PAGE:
Ms Shamilla Chettiar, DDG: Destination Development, replied that the Shangoni Gate and Baviaanskloof. projects had experienced some challenges. The Shangoni Gate project had taken a long time, due in part to extensive public consultation on the location of the Gate. The process had lasted until communities adjacent to the park were happy with its location. The knock-on effect of this extensive project, undertaken in conjunction with an environmental impact assessment, meant specialist studies had to be done on the location of the Gate to take into account flood lines, bridges and topography. SANParks had recruited an engineer to work on the project and who had been expected to join the permanent project team – the engineer had however resigned, resulting in the appointment by SANParks of an engineering consulting firm to continue with the work. She agreed there had indeed been challenges and delays, but attempts were being made to continue the project and prevent further interruptions. These challenges had been unforeseen. No contractors been had been appointed to date, but the detailed scope of work and bills of quantities had been finalised by the technical team.

With Baviaanskloof there had been supply chain problems and here again, the terms of reference of the project had not necessarily included troubleshooting advice. The contractor had been appointed before the end of March. Construction work on the Leopard Trail was due to be completed by 31 March 2021.

NDT was not the competent authority for road management and the state of rural roads. However, where tourism in specific areas had been affected by the poor state of the roads, the Department had been in liaison with the provincial and local authorities. She believed that consultation with local authorities would be strengthened during Master Plan implementation. The Master Plan was a broad and special plan incorporating a concept for tourism development, and linkages to further investment in tourism and other forms of infrastructure. The Master Plan highlighted key tourism assets within a given area, and proposed long-term plans for tourism development there. The Master Plan indicated items linking to tourism, such as road and airport infrastructure. Depending on funding availability, Master Plans could take between 5 and 20 years to come to fruition. As an example, she cited the Cradle of Humankind in Gauteng for which the Master Plan had been initiated in 2001, with the opening of the first sites such as Maropeng in 2005. The roughly 99 initial sites have increased to 400. This demonstrated the impact of a Master Plan. It fostered integrated development plans, and allowed for a progressive implementation of tourism which was ultimately the expected impact of the latest four Master Plans. Taking the work forward would involve working within the District Development Model (DDM) to infuse the elements of the Master Plans into a plan for each district. The Master Plan extended into multiple districts because tourism had no boundaries. The DDM could then be integrated into regional plans.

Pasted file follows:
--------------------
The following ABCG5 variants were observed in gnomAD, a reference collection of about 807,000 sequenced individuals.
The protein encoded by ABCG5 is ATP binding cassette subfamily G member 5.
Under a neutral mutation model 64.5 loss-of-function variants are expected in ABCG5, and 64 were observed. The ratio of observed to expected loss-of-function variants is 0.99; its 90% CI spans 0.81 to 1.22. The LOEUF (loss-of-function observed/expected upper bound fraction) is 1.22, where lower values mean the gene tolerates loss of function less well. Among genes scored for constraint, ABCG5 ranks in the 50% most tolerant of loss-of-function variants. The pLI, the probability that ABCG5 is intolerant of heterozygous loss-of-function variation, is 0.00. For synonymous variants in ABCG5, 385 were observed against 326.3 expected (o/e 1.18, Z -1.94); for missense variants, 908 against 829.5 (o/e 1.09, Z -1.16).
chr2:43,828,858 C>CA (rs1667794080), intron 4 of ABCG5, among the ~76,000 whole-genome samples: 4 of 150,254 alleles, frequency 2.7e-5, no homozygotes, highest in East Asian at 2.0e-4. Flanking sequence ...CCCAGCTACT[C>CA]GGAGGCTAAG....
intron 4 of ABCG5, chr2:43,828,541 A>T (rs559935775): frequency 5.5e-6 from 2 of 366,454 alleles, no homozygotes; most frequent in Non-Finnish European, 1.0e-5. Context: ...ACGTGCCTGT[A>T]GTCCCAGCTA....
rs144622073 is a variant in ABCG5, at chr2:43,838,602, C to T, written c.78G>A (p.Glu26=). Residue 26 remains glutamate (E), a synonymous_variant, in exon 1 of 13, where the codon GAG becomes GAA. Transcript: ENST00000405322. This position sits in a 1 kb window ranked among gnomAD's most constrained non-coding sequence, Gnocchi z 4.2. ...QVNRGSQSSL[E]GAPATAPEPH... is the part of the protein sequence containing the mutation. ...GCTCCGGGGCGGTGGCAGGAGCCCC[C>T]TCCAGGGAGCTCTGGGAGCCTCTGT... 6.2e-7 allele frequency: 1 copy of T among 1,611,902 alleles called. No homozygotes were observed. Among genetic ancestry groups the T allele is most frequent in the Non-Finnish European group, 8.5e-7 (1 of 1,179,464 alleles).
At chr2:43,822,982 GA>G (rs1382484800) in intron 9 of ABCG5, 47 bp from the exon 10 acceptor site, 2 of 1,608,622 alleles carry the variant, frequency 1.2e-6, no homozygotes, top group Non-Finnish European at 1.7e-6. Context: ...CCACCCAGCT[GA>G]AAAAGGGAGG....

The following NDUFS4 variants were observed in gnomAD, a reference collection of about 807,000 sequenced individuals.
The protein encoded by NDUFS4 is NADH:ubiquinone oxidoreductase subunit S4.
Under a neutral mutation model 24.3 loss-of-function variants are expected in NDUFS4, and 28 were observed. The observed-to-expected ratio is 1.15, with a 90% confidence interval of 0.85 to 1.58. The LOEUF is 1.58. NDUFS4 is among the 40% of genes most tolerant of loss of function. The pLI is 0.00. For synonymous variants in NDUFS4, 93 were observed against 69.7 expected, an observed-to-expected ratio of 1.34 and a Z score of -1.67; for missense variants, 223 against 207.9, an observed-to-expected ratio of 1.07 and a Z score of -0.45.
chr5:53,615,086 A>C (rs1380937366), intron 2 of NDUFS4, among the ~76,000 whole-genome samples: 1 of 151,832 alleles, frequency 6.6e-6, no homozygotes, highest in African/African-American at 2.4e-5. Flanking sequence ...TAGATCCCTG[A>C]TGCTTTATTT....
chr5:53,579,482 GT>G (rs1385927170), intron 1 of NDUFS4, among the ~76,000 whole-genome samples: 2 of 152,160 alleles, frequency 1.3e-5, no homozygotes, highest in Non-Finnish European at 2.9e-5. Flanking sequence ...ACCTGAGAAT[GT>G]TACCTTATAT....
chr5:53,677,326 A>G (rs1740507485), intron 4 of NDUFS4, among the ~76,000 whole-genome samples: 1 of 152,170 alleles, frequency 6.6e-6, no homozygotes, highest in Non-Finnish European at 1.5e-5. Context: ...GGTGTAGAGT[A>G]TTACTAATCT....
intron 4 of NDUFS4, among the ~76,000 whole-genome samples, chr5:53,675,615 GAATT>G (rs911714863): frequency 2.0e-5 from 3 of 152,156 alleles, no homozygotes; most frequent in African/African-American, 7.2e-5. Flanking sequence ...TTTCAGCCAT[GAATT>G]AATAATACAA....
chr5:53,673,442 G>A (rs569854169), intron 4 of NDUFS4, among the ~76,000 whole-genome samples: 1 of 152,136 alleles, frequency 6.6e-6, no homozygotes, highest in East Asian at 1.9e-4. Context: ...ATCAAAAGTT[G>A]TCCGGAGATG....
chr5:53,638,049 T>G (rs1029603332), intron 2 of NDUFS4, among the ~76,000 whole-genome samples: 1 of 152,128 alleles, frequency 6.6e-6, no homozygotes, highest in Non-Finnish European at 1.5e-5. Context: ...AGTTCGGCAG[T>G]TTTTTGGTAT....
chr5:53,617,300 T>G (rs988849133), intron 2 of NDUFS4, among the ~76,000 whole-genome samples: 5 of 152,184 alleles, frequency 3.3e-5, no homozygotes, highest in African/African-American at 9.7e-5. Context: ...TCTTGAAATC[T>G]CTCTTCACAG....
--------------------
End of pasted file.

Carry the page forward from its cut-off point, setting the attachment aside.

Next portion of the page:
She replied that that departmental projects worked with the prescribed rates for built environment professionals, as defined by their council. The amounts varied according to project size and complexity.

Ms Morongoe Ramphele, DDG; Tourism Sector Support Services, replied to questions on Programme 4. On engagement with local government, the Department would be hosting two sessions. The first session would aim at building capacity amongst municipal tourism practitioners, and developing ongoing tourism development initiatives; this would entail the sharing of experiences in tourism planning and development, stakeholder identification and the sharing of ideas between role-players and stakeholders on the packaging of information. This would contribute to securing funding for tourism initiatives.

The second session would target business initiatives, with NDT providing information on programmes available in the tourism sector, at government level and in the sector as a whole. This would grading, market access opportunities and others programmes as provided through funding from Skills Initiative for Africa, the Swedish International Development Cooperation Agency, the International Development Corporation, and other funding bodies. This would provide a spectrum of activities in which South African Tourism could make informed decisions, based on completed forms. Businesses would thus be informed on how to access these opportunities. This was not the first year in which such programmes had been hosted; however, it now entailed targeting individual provinces, over a number of years.

On grading discounts, applicant grading was the responsibility of South African Tourism, after which an invoice was generated and the Department would then subsidise up to 80% of this. The criteria included tax compliance of the organisation. She gave assurances that no request had been turned down because most establishments met the desired criteria.